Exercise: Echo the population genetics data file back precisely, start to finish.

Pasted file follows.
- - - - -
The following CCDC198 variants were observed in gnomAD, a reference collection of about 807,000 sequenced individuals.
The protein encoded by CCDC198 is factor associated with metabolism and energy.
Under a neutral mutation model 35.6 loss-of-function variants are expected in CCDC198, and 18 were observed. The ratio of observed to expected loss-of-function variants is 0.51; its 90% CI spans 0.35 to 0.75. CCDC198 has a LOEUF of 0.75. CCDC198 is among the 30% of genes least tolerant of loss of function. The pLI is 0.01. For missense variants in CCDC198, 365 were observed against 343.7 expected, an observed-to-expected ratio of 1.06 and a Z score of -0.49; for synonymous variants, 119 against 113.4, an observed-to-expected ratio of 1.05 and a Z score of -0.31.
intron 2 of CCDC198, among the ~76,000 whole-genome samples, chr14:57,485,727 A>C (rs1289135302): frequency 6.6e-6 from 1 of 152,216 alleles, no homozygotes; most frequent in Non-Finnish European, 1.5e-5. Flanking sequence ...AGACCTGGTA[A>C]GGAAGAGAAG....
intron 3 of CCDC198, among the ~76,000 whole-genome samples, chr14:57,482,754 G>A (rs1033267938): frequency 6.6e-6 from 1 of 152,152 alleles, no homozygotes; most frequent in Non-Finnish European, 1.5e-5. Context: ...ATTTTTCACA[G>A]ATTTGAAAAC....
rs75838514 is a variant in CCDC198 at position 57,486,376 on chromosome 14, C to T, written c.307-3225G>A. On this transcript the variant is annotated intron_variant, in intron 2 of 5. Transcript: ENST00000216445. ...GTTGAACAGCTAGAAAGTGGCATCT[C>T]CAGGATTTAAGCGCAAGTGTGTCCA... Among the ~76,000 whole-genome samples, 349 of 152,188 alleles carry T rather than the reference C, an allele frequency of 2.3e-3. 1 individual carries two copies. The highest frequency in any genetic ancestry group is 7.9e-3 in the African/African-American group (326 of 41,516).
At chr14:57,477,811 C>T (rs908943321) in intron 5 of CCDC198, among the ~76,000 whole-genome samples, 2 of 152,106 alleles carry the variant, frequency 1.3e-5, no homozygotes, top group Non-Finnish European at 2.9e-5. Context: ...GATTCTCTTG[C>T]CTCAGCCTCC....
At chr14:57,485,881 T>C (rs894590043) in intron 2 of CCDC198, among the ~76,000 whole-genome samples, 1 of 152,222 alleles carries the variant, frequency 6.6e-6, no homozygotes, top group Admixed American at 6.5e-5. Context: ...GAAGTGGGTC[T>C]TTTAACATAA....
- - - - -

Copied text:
The following CCDC198 variants were observed in gnomAD, a reference collection of about 807,000 sequenced individuals.
The protein encoded by CCDC198 is factor associated with metabolism and energy.
Under a neutral mutation model 35.6 loss-of-function variants are expected in CCDC198, and 18 were observed. The ratio of observed to expected loss-of-function variants is 0.51; its 90% CI spans 0.35 to 0.75. CCDC198 has a LOEUF of 0.75. CCDC198 is among the 30% of genes least tolerant of loss of function. The pLI is 0.01. For missense variants in CCDC198, 365 were observed against 343.7 expected, an observed-to-expected ratio of 1.06 and a Z score of -0.49; for synonymous variants, 119 against 113.4, an observed-to-expected ratio of 1.05 and a Z score of -0.31.
intron 2 of CCDC198, among the ~76,000 whole-genome samples, chr14:57,485,727 A>C (rs1289135302): frequency 6.6e-6 from 1 of 152,216 alleles, no homozygotes; most frequent in Non-Finnish European, 1.5e-5. Flanking sequence ...AGACCTGGTA[A>C]GGAAGAGAAG....
intron 3 of CCDC198, among the ~76,000 whole-genome samples, chr14:57,482,754 G>A (rs1033267938): frequency 6.6e-6 from 1 of 152,152 alleles, no homozygotes; most frequent in Non-Finnish European, 1.5e-5. Context: ...ATTTTTCACA[G>A]ATTTGAAAAC....
rs75838514 is a variant in CCDC198 at position 57,486,376 on chromosome 14, C to T, written c.307-3225G>A. On this transcript the variant is annotated intron_variant, in intron 2 of 5. Transcript: ENST00000216445. ...GTTGAACAGCTAGAAAGTGGCATCT[C>T]CAGGATTTAAGCGCAAGTGTGTCCA... Among the ~76,000 whole-genome samples, 349 of 152,188 alleles carry T rather than the reference C, an allele frequency of 2.3e-3. 1 individual carries two copies. The highest frequency in any genetic ancestry group is 7.9e-3 in the African/African-American group (326 of 41,516).
At chr14:57,477,811 C>T (rs908943321) in intron 5 of CCDC198, among the ~76,000 whole-genome samples, 2 of 152,106 alleles carry the variant, frequency 1.3e-5, no homozygotes, top group Non-Finnish European at 2.9e-5. Context: ...GATTCTCTTG[C>T]CTCAGCCTCC....
At chr14:57,485,881 T>C (rs894590043) in intron 2 of CCDC198, among the ~76,000 whole-genome samples, 1 of 152,222 alleles carries the variant, frequency 6.6e-6, no homozygotes, top group Admixed American at 6.5e-5. Context: ...GAAGTGGGTC[T>C]TTTAACATAA....